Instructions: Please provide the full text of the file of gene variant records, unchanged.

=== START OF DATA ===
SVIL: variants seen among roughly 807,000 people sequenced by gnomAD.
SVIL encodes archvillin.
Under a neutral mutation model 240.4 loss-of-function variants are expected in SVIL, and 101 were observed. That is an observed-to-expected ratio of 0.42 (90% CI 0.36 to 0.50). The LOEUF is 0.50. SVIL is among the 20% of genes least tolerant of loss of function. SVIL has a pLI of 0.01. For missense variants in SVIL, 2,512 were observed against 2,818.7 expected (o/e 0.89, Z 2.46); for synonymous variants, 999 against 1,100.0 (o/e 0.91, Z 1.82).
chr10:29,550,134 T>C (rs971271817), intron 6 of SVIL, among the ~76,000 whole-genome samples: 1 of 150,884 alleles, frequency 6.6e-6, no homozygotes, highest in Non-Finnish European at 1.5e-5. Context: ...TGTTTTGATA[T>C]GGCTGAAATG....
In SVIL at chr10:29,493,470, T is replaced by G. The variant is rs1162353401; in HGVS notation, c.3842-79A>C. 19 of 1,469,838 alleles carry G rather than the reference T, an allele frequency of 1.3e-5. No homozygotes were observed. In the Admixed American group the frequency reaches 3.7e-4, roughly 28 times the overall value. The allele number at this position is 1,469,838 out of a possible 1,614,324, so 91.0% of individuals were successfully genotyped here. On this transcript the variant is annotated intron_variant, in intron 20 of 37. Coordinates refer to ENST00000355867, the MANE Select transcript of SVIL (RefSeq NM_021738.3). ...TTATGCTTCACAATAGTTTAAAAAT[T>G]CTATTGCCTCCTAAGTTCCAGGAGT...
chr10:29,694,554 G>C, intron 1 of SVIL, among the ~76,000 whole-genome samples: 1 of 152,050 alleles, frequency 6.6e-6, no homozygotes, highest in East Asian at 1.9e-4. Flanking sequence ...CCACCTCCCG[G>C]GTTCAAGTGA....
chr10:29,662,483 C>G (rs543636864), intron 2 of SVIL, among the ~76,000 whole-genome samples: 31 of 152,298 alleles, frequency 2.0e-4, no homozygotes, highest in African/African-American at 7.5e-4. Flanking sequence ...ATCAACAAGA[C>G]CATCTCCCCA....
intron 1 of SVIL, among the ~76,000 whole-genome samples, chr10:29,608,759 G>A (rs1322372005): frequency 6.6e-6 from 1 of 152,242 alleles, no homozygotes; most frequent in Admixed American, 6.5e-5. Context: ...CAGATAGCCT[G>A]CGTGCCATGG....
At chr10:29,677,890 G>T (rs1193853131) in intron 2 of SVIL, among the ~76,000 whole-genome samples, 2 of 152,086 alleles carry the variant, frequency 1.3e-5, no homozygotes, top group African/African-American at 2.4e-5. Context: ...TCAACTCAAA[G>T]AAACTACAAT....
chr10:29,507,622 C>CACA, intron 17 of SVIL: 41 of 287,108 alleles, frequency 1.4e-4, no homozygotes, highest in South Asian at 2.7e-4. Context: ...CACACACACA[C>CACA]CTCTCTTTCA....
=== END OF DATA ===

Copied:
SVIL: variants seen among roughly 807,000 people sequenced by gnomAD.
SVIL encodes archvillin.
Under a neutral mutation model 240.4 loss-of-function variants are expected in SVIL, and 101 were observed. That is an observed-to-expected ratio of 0.42 (90% CI 0.36 to 0.50). The LOEUF is 0.50. SVIL is among the 20% of genes least tolerant of loss of function. SVIL has a pLI of 0.01. For missense variants in SVIL, 2,512 were observed against 2,818.7 expected (o/e 0.89, Z 2.46); for synonymous variants, 999 against 1,100.0 (o/e 0.91, Z 1.82).
chr10:29,550,134 T>C (rs971271817), intron 6 of SVIL, among the ~76,000 whole-genome samples: 1 of 150,884 alleles, frequency 6.6e-6, no homozygotes, highest in Non-Finnish European at 1.5e-5. Context: ...TGTTTTGATA[T>C]GGCTGAAATG....
In SVIL at chr10:29,493,470, T is replaced by G. The variant is rs1162353401; in HGVS notation, c.3842-79A>C. 19 of 1,469,838 alleles carry G rather than the reference T, an allele frequency of 1.3e-5. No homozygotes were observed. In the Admixed American group the frequency reaches 3.7e-4, roughly 28 times the overall value. The allele number at this position is 1,469,838 out of a possible 1,614,324, so 91.0% of individuals were successfully genotyped here. On this transcript the variant is annotated intron_variant, in intron 20 of 37. Coordinates refer to ENST00000355867, the MANE Select transcript of SVIL (RefSeq NM_021738.3). ...TTATGCTTCACAATAGTTTAAAAAT[T>G]CTATTGCCTCCTAAGTTCCAGGAGT...
chr10:29,694,554 G>C, intron 1 of SVIL, among the ~76,000 whole-genome samples: 1 of 152,050 alleles, frequency 6.6e-6, no homozygotes, highest in East Asian at 1.9e-4. Flanking sequence ...CCACCTCCCG[G>C]GTTCAAGTGA....
chr10:29,662,483 C>G (rs543636864), intron 2 of SVIL, among the ~76,000 whole-genome samples: 31 of 152,298 alleles, frequency 2.0e-4, no homozygotes, highest in African/African-American at 7.5e-4. Flanking sequence ...ATCAACAAGA[C>G]CATCTCCCCA....
intron 1 of SVIL, among the ~76,000 whole-genome samples, chr10:29,608,759 G>A (rs1322372005): frequency 6.6e-6 from 1 of 152,242 alleles, no homozygotes; most frequent in Admixed American, 6.5e-5. Context: ...CAGATAGCCT[G>A]CGTGCCATGG....
At chr10:29,677,890 G>T (rs1193853131) in intron 2 of SVIL, among the ~76,000 whole-genome samples, 2 of 152,086 alleles carry the variant, frequency 1.3e-5, no homozygotes, top group African/African-American at 2.4e-5. Context: ...TCAACTCAAA[G>T]AAACTACAAT....
chr10:29,507,622 C>CACA, intron 17 of SVIL: 41 of 287,108 alleles, frequency 1.4e-4, no homozygotes, highest in South Asian at 2.7e-4. Context: ...CACACACACA[C>CACA]CTCTCTTTCA....